Master the reduce operator in Swift and make your code more performant

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Swift’s Sequence type has a powerful operator called reduce which allows you to combine all elements of a sequence into a single value. I have been using it over and over again when dealing with responses from the App Store Connect API and I thought it would be a good idea to write a blog post about it.

The reduce operator has two different signatures:

// Reduce with an initial result
@inlinable public func reduce<Result>(_ initialResult: Result, _ nextPartialResult: (_ partialResult: Result, Self.Element) throws -> Result) rethrows -> Result

// Reduce into an initial result
@inlinable public func reduce<Result>(into initialResult: Result, _ updateAccumulatingResult: (_ partialResult: inout Result, Self.Element) throws -> ()) rethrows -> Result

Both of these operators achieve the same result when given the same inputs: they start with an initial inout value and they iterate over all elements in the sequence and pass them as a parameter to the provided closure. As the initial value is passed as an inout parameter, the closure can modify it based on the current element in the sequence. The updated value of each iteration is then passed as the first parameter to the closure in the next iteration.

While they might look very similar - and they both have O(n) complexity and can be used interchangeably - they have different efficiency implications based on the type of the result. For example, you should prefer the into variation when the result is a copy-on-write type like an Array or a Dictionary.

Reduce with an initial result

Let’s look at a very simple example to understand how the reduce operator works. Imagine you have an array of integers and you want to produce the sum of all elements as a result. If you didn’t know about the reduce operator, you could write a function like this:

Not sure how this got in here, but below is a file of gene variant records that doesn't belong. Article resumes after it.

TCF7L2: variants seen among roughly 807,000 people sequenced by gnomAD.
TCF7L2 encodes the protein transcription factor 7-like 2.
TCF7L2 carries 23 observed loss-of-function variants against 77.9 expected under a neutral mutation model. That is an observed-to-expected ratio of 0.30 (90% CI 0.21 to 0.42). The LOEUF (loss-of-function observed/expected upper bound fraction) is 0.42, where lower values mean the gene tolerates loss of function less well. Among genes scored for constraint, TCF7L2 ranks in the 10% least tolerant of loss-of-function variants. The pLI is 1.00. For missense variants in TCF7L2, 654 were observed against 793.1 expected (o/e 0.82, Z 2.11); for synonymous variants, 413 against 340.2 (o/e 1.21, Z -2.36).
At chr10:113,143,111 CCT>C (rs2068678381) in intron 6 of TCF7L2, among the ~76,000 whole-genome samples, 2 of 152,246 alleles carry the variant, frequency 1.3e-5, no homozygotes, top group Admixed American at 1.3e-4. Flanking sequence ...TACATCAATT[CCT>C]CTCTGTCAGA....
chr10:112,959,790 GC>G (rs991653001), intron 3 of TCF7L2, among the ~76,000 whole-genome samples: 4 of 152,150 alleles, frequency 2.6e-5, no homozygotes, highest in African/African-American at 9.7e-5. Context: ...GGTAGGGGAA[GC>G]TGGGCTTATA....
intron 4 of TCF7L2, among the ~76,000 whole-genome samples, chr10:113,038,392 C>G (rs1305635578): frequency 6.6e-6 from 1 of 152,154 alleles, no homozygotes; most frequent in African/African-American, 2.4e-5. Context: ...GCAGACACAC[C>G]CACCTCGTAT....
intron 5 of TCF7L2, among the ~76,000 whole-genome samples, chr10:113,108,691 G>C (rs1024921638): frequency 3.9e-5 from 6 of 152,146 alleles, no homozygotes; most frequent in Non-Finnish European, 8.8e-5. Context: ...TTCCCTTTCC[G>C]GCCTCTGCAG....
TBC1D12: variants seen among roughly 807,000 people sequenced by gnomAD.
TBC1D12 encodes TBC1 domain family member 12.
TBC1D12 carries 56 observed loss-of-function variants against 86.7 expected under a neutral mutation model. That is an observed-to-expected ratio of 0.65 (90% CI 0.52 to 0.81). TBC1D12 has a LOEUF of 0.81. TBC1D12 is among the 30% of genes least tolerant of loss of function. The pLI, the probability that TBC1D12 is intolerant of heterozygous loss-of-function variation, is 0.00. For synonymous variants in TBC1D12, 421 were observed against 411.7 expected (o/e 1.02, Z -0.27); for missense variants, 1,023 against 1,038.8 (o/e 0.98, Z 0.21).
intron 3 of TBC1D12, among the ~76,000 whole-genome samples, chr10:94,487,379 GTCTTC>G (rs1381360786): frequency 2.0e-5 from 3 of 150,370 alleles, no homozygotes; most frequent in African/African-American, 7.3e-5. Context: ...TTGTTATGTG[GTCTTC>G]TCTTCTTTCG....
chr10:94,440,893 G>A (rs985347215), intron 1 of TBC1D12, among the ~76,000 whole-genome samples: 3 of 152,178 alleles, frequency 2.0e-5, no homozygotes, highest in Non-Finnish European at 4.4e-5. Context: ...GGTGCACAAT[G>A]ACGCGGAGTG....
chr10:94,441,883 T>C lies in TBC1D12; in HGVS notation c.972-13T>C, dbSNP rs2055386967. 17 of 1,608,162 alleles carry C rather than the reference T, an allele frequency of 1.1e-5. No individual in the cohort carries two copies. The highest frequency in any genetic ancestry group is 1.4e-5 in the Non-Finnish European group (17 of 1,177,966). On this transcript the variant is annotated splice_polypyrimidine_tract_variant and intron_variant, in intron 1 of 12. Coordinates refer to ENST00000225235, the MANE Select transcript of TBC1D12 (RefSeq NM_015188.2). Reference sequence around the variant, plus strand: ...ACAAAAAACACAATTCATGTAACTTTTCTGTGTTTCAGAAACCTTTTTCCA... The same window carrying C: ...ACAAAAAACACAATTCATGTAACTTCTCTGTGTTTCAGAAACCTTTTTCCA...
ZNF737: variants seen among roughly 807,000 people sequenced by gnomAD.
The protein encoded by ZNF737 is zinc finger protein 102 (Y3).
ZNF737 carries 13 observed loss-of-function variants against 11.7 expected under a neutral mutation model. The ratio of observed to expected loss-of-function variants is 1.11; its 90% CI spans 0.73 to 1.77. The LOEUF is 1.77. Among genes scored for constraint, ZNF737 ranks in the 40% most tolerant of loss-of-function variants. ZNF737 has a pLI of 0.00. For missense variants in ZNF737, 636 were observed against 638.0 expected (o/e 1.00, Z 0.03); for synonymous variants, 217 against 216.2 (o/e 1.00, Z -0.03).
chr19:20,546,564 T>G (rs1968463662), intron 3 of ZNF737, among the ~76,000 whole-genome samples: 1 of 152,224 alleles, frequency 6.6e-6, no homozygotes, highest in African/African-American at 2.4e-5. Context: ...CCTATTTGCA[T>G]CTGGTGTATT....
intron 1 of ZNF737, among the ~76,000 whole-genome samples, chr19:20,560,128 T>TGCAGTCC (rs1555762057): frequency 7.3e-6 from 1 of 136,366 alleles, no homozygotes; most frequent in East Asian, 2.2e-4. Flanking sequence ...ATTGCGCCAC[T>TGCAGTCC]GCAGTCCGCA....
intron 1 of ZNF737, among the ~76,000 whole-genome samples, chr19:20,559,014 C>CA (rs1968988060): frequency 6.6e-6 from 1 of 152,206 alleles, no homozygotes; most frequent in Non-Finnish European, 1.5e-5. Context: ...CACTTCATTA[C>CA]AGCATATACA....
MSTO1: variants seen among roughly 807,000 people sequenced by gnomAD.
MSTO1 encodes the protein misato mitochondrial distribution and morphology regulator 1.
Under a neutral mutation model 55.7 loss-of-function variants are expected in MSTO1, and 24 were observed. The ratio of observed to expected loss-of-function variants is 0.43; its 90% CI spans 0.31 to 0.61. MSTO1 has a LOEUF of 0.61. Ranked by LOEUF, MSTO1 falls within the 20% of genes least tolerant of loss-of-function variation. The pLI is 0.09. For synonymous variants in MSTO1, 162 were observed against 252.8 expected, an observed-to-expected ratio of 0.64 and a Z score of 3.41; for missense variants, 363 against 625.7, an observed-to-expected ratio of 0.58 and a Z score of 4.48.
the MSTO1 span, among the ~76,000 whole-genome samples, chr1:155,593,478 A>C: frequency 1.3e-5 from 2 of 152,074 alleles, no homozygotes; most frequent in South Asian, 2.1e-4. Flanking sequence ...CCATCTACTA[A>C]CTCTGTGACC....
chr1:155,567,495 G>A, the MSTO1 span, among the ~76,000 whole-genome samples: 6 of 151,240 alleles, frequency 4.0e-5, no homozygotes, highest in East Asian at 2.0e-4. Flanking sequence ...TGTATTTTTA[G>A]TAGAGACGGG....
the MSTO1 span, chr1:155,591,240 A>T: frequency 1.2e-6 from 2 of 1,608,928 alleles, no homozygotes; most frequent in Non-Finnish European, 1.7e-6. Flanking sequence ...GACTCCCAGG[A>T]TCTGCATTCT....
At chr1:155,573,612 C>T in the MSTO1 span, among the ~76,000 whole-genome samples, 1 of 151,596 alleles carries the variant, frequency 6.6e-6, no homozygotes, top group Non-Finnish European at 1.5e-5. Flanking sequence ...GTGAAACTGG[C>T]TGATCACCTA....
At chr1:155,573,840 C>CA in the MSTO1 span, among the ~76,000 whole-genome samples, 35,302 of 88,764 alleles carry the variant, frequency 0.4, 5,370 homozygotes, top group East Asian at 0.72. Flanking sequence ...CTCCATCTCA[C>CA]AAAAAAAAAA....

Reduce.swift
func sumAllElements(of numbers: [Int]) -> Int {
    var sum = 0
    for number in numbers {
        sum += number
    }
    return sum
}

While this function works perfectly fine, it’s not the most elegant solution. You can achieve the same result with the reduce operator in a single line of code:

Reduce.swift
func sumAllElements(of numbers: [Int]) -> Int {
    numbers.reduce(0) { $0 + $1 }
}

Or even better, you can pass the + operator as a closure directly:

Reduce.swift
func sumAllElements(of numbers: [Int]) -> Int {
    numbers.reduce(0, +)
}

Reduce into an initial result

Let’s now look into a slightly more complex example. Let’s consider we have an array of ScreenshotBundles that have a name and a list of URLs to the screenshots. Our UI needs to find a screenshot bundle with a specific name based on user selection and display all URLs in image views:

An image of the screenshot viewing feature in the Helm app.

👀 This is a variation of the code we are using in Helm, an app Hidde and I are building to make it easier and more enjoyable for users of App Store Connect to ship apps and updates. Focused on providing a fast & intuitive user experience. The app is not out yet, but you can get early access here!

We can achieve this by keeping the array of ScreenshotBundles as is and then searching for the bundle with the specific name:

ScreenshotBundle.swift
struct ScreenshotBundle {
    let name: String
    let urls: [URL]
}

func find(bundleWithName name: String, in bundles: [ScreenshotBundle]) -> ScreenshotBundle? {
    bundles.first(where: { $0.name == name })
}

While this approach works, it’s not the most efficient one. The first(where:) function has a complexity of O(n) and, as you can imagine, this can be a problem if you have a large number of elements in your array.

What you can do instead is to use the reduce operator once to convert your array of ScreenshotBundles into a dictionary where the key is the name of the bundle and the value is the bundle itself. This way, you can find the bundle with the specific name in O(1) time complexity:

ScreenshotBundle.swift
struct ScreenshotBundle {
    let name: String
    let urls: [URL]
}

func format(bundles: [ScreenshotBundle]) -> [String: ScreenshotBundle] {
    bundles.reduce(into: [String: ScreenshotBundle]()) { result, bundle in
        result[bundle.name] = bundle
    }
}

func find(bundleWithName name: String, in bundles: [String: ScreenshotBundle]) -> ScreenshotBundle? {
    bundles[name]
}